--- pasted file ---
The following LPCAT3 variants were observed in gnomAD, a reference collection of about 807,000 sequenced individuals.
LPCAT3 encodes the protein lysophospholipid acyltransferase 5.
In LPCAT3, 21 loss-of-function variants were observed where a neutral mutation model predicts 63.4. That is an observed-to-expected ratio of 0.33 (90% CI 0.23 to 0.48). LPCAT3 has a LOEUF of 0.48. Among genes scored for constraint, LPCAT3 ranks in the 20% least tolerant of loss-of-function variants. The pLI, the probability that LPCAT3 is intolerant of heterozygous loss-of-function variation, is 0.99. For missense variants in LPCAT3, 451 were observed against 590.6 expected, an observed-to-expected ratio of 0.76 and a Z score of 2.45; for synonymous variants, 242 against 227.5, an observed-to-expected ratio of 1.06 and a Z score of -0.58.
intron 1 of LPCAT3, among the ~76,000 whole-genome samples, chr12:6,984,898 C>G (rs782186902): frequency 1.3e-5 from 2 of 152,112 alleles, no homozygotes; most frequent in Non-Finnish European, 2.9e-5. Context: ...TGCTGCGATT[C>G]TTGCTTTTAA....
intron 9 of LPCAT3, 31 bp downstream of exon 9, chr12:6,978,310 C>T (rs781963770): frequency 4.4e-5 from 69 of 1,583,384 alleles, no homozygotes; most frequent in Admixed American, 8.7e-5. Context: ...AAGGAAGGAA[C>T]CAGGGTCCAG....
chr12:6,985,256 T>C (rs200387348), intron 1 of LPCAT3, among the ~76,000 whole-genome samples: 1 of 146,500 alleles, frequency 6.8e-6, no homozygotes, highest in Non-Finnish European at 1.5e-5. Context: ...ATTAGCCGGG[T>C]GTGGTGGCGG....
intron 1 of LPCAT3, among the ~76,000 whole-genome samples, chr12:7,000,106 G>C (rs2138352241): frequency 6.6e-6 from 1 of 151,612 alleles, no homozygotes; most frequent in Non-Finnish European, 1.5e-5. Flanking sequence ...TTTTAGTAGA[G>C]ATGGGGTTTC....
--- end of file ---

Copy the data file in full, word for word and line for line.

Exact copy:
The following LPCAT3 variants were observed in gnomAD, a reference collection of about 807,000 sequenced individuals.
LPCAT3 encodes the protein lysophospholipid acyltransferase 5.
In LPCAT3, 21 loss-of-function variants were observed where a neutral mutation model predicts 63.4. That is an observed-to-expected ratio of 0.33 (90% CI 0.23 to 0.48). LPCAT3 has a LOEUF of 0.48. Among genes scored for constraint, LPCAT3 ranks in the 20% least tolerant of loss-of-function variants. The pLI, the probability that LPCAT3 is intolerant of heterozygous loss-of-function variation, is 0.99. For missense variants in LPCAT3, 451 were observed against 590.6 expected, an observed-to-expected ratio of 0.76 and a Z score of 2.45; for synonymous variants, 242 against 227.5, an observed-to-expected ratio of 1.06 and a Z score of -0.58.
intron 1 of LPCAT3, among the ~76,000 whole-genome samples, chr12:6,984,898 C>G (rs782186902): frequency 1.3e-5 from 2 of 152,112 alleles, no homozygotes; most frequent in Non-Finnish European, 2.9e-5. Context: ...TGCTGCGATT[C>G]TTGCTTTTAA....
intron 9 of LPCAT3, 31 bp downstream of exon 9, chr12:6,978,310 C>T (rs781963770): frequency 4.4e-5 from 69 of 1,583,384 alleles, no homozygotes; most frequent in Admixed American, 8.7e-5. Context: ...AAGGAAGGAA[C>T]CAGGGTCCAG....
chr12:6,985,256 T>C (rs200387348), intron 1 of LPCAT3, among the ~76,000 whole-genome samples: 1 of 146,500 alleles, frequency 6.8e-6, no homozygotes, highest in Non-Finnish European at 1.5e-5. Context: ...ATTAGCCGGG[T>C]GTGGTGGCGG....
intron 1 of LPCAT3, among the ~76,000 whole-genome samples, chr12:7,000,106 G>C (rs2138352241): frequency 6.6e-6 from 1 of 151,612 alleles, no homozygotes; most frequent in Non-Finnish European, 1.5e-5. Flanking sequence ...TTTTAGTAGA[G>C]ATGGGGTTTC....